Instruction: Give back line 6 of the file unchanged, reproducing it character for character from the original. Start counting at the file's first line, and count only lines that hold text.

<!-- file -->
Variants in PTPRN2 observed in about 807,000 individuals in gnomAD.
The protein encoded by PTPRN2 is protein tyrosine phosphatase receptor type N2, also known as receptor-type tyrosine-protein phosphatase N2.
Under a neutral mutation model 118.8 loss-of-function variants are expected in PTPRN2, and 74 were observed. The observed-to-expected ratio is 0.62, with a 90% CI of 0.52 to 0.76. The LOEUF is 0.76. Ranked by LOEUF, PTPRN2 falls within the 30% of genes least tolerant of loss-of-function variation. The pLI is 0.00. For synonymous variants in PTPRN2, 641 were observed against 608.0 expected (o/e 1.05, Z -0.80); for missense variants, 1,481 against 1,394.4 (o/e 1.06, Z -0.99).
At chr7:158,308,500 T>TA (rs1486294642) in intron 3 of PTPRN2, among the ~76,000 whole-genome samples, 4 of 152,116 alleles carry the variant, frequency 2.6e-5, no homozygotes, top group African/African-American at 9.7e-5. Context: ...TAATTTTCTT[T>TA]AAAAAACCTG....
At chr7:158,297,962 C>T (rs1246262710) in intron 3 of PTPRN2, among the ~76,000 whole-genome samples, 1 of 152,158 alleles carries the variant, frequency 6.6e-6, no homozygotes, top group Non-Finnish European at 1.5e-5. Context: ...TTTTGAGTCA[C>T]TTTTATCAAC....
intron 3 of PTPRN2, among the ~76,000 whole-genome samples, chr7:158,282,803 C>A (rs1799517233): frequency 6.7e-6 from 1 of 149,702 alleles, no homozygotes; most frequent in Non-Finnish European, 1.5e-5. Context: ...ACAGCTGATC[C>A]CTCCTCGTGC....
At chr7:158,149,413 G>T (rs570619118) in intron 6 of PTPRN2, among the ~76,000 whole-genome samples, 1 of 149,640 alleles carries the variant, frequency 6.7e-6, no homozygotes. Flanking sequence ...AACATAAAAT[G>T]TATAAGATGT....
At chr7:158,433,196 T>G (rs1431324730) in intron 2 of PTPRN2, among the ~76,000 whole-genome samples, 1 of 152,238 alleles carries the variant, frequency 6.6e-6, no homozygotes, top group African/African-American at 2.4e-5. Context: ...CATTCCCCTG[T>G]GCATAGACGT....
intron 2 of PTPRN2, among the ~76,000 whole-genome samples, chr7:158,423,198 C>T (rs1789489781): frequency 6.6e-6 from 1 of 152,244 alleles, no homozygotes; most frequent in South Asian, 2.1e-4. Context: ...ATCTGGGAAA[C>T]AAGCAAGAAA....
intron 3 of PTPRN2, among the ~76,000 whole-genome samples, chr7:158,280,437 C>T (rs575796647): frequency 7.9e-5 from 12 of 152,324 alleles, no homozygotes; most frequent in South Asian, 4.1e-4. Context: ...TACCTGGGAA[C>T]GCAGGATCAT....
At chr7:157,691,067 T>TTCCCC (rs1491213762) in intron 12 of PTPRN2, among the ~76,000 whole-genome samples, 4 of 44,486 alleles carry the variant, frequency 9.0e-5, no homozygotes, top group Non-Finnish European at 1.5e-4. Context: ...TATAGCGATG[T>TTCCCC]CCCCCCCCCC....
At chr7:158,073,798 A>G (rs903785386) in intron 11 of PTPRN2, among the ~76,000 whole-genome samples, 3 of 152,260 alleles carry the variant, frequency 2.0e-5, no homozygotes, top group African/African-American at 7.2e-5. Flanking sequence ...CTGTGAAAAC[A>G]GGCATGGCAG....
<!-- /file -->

intron 3 of PTPRN2, among the ~76,000 whole-genome samples, chr7:158,282,803 C>A (rs1799517233): frequency 6.7e-6 from 1 of 149,702 alleles, no homozygotes; most frequent in Non-Finnish European, 1.5e-5. Context: ...ACAGCTGATC[C>A]CTCCTCGTGC....